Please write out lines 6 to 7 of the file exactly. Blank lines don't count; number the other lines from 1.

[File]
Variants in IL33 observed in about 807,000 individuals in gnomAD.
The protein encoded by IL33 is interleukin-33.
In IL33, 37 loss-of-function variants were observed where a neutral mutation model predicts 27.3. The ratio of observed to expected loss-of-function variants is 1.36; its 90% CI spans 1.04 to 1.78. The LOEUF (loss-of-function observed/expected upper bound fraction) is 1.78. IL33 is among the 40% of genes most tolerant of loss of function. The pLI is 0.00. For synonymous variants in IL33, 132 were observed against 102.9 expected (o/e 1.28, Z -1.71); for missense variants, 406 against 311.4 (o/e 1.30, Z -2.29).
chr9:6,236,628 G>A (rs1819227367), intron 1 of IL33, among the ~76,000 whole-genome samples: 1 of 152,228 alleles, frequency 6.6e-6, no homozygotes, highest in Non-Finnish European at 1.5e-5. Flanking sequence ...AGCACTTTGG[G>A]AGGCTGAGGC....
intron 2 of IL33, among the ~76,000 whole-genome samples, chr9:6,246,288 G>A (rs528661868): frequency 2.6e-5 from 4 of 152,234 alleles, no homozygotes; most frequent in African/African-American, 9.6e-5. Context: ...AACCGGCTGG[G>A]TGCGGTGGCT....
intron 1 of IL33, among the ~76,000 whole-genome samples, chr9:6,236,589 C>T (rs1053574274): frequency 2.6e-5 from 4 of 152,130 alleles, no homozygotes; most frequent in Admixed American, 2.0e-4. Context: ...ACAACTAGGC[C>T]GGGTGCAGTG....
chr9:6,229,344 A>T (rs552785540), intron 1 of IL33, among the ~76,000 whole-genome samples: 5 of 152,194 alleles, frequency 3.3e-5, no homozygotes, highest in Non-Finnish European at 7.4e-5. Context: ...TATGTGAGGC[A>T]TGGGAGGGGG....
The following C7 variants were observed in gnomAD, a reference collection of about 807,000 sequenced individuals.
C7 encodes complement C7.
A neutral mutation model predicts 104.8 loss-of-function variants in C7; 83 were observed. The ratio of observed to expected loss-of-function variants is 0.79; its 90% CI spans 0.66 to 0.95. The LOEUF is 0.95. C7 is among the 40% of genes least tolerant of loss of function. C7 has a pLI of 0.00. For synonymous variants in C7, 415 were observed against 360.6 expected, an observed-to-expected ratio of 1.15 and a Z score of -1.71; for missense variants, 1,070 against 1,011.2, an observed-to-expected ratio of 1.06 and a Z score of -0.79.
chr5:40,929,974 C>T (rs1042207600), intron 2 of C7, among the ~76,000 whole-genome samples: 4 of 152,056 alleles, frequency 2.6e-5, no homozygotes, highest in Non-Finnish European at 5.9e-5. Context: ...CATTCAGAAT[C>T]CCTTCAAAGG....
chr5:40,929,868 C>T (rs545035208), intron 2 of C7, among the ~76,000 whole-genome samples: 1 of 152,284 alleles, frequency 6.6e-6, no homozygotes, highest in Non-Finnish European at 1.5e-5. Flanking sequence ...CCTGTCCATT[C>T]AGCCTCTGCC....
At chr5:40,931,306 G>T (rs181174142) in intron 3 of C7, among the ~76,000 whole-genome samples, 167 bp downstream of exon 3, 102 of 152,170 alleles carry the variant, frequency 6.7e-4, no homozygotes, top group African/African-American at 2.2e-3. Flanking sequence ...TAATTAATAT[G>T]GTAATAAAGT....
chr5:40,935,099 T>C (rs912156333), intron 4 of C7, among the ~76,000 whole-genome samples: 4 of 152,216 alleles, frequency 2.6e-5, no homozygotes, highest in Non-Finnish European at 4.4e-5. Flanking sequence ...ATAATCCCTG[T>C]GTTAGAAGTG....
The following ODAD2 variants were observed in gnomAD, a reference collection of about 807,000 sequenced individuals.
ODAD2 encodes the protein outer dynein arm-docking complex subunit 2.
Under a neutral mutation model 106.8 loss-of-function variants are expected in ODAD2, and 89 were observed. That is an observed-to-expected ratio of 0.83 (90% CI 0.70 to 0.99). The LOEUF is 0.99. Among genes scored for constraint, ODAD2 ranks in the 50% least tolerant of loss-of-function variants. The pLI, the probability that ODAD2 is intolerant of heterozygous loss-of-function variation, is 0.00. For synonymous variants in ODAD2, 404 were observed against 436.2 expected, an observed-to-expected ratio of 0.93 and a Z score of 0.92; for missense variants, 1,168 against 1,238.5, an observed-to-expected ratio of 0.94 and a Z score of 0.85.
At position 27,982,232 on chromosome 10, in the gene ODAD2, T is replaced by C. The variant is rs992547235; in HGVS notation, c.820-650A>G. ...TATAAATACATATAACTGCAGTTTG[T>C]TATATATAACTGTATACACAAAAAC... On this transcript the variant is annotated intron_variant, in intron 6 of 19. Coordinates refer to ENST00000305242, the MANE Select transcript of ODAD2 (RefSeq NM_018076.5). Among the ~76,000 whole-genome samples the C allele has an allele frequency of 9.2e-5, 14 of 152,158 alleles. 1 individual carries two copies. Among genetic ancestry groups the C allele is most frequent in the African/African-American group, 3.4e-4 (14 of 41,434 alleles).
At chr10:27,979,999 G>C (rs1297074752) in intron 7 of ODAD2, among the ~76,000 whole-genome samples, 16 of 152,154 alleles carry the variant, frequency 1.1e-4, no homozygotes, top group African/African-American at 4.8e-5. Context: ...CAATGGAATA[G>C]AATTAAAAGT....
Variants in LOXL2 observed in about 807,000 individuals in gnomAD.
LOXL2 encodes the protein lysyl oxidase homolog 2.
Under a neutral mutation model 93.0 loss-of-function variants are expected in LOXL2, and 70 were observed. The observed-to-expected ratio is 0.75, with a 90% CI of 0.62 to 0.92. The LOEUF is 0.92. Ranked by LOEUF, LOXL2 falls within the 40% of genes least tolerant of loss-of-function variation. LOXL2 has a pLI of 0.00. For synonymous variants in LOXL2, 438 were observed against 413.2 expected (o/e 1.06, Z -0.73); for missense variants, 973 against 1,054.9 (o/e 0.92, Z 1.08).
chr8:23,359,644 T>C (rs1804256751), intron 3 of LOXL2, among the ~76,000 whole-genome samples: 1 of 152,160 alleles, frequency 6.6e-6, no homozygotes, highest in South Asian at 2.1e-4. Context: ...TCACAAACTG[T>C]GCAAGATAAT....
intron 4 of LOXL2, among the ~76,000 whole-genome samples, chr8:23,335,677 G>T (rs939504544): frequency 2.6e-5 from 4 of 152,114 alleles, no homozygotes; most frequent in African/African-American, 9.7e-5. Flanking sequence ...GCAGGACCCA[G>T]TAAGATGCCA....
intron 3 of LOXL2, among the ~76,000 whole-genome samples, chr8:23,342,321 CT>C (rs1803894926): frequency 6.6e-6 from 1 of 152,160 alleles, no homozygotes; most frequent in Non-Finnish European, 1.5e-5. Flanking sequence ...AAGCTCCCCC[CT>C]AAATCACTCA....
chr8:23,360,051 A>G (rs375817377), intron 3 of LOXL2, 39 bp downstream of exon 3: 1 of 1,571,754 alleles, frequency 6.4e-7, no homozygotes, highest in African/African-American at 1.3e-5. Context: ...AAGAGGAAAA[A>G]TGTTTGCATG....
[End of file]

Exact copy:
intron 1 of IL33, among the ~76,000 whole-genome samples, chr9:6,236,589 C>T (rs1053574274): frequency 2.6e-5 from 4 of 152,130 alleles, no homozygotes; most frequent in Admixed American, 2.0e-4. Context: ...ACAACTAGGC[C>T]GGGTGCAGTG....
chr9:6,229,344 A>T (rs552785540), intron 1 of IL33, among the ~76,000 whole-genome samples: 5 of 152,194 alleles, frequency 3.3e-5, no homozygotes, highest in Non-Finnish European at 7.4e-5. Context: ...TATGTGAGGC[A>T]TGGGAGGGGG....